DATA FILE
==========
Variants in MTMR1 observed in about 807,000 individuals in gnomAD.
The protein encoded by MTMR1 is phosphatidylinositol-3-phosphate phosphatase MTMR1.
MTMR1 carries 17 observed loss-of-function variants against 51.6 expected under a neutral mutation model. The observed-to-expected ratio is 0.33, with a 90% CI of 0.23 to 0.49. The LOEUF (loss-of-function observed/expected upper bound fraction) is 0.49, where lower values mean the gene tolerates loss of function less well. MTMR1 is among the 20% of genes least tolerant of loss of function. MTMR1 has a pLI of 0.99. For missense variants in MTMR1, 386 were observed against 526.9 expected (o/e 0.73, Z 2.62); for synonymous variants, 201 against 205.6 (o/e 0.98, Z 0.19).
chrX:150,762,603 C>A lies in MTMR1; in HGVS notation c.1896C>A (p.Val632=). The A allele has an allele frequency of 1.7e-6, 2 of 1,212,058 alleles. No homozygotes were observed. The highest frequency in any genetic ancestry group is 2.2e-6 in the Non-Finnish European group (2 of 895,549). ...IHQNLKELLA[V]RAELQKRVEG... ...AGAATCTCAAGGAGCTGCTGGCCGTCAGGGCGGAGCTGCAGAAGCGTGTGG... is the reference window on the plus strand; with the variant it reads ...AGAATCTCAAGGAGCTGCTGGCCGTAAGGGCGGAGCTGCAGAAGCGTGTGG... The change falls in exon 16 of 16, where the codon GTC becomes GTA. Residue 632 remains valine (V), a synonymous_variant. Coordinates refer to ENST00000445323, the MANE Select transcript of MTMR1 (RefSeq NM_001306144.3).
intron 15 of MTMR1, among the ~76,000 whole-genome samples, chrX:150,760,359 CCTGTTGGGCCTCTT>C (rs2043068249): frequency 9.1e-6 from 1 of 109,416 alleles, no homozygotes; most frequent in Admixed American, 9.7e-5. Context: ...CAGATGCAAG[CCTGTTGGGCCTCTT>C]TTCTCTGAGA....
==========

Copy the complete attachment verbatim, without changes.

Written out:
Variants in MTMR1 observed in about 807,000 individuals in gnomAD.
The protein encoded by MTMR1 is phosphatidylinositol-3-phosphate phosphatase MTMR1.
MTMR1 carries 17 observed loss-of-function variants against 51.6 expected under a neutral mutation model. The observed-to-expected ratio is 0.33, with a 90% CI of 0.23 to 0.49. The LOEUF (loss-of-function observed/expected upper bound fraction) is 0.49, where lower values mean the gene tolerates loss of function less well. MTMR1 is among the 20% of genes least tolerant of loss of function. MTMR1 has a pLI of 0.99. For missense variants in MTMR1, 386 were observed against 526.9 expected (o/e 0.73, Z 2.62); for synonymous variants, 201 against 205.6 (o/e 0.98, Z 0.19).
chrX:150,762,603 C>A lies in MTMR1; in HGVS notation c.1896C>A (p.Val632=). The A allele has an allele frequency of 1.7e-6, 2 of 1,212,058 alleles. No homozygotes were observed. The highest frequency in any genetic ancestry group is 2.2e-6 in the Non-Finnish European group (2 of 895,549). ...IHQNLKELLA[V]RAELQKRVEG... ...AGAATCTCAAGGAGCTGCTGGCCGTCAGGGCGGAGCTGCAGAAGCGTGTGG... is the reference window on the plus strand; with the variant it reads ...AGAATCTCAAGGAGCTGCTGGCCGTAAGGGCGGAGCTGCAGAAGCGTGTGG... The change falls in exon 16 of 16, where the codon GTC becomes GTA. Residue 632 remains valine (V), a synonymous_variant. Coordinates refer to ENST00000445323, the MANE Select transcript of MTMR1 (RefSeq NM_001306144.3).
intron 15 of MTMR1, among the ~76,000 whole-genome samples, chrX:150,760,359 CCTGTTGGGCCTCTT>C (rs2043068249): frequency 9.1e-6 from 1 of 109,416 alleles, no homozygotes; most frequent in Admixed American, 9.7e-5. Context: ...CAGATGCAAG[CCTGTTGGGCCTCTT>C]TTCTCTGAGA....